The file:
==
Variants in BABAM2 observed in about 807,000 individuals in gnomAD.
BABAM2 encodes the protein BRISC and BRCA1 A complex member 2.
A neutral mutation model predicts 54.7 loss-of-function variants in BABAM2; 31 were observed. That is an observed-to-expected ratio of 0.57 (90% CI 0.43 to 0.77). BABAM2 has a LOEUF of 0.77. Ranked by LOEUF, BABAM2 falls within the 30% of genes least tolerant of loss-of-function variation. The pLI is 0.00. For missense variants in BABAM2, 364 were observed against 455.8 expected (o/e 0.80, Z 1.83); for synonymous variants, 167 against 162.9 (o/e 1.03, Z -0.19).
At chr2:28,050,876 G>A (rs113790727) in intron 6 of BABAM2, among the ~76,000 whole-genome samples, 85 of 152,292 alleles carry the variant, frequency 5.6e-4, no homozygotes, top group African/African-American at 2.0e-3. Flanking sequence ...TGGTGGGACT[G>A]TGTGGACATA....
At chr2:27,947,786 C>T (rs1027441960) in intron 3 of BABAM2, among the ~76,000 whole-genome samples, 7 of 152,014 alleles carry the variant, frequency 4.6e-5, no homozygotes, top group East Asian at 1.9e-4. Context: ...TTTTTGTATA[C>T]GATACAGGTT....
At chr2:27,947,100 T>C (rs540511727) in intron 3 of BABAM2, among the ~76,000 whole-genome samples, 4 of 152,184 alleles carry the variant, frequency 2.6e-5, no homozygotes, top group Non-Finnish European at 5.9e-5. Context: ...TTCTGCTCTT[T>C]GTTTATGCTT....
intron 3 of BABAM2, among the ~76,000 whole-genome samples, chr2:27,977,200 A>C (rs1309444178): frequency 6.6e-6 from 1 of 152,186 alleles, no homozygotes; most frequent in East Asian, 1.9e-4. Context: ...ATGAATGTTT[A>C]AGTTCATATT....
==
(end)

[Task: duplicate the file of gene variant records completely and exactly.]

Variants in BABAM2 observed in about 807,000 individuals in gnomAD.
BABAM2 encodes the protein BRISC and BRCA1 A complex member 2.
A neutral mutation model predicts 54.7 loss-of-function variants in BABAM2; 31 were observed. That is an observed-to-expected ratio of 0.57 (90% CI 0.43 to 0.77). BABAM2 has a LOEUF of 0.77. Ranked by LOEUF, BABAM2 falls within the 30% of genes least tolerant of loss-of-function variation. The pLI is 0.00. For missense variants in BABAM2, 364 were observed against 455.8 expected (o/e 0.80, Z 1.83); for synonymous variants, 167 against 162.9 (o/e 1.03, Z -0.19).
At chr2:28,050,876 G>A (rs113790727) in intron 6 of BABAM2, among the ~76,000 whole-genome samples, 85 of 152,292 alleles carry the variant, frequency 5.6e-4, no homozygotes, top group African/African-American at 2.0e-3. Flanking sequence ...TGGTGGGACT[G>A]TGTGGACATA....
At chr2:27,947,786 C>T (rs1027441960) in intron 3 of BABAM2, among the ~76,000 whole-genome samples, 7 of 152,014 alleles carry the variant, frequency 4.6e-5, no homozygotes, top group East Asian at 1.9e-4. Context: ...TTTTTGTATA[C>T]GATACAGGTT....
At chr2:27,947,100 T>C (rs540511727) in intron 3 of BABAM2, among the ~76,000 whole-genome samples, 4 of 152,184 alleles carry the variant, frequency 2.6e-5, no homozygotes, top group Non-Finnish European at 5.9e-5. Context: ...TTCTGCTCTT[T>C]GTTTATGCTT....
intron 3 of BABAM2, among the ~76,000 whole-genome samples, chr2:27,977,200 A>C (rs1309444178): frequency 6.6e-6 from 1 of 152,186 alleles, no homozygotes; most frequent in East Asian, 1.9e-4. Context: ...ATGAATGTTT[A>C]AGTTCATATT....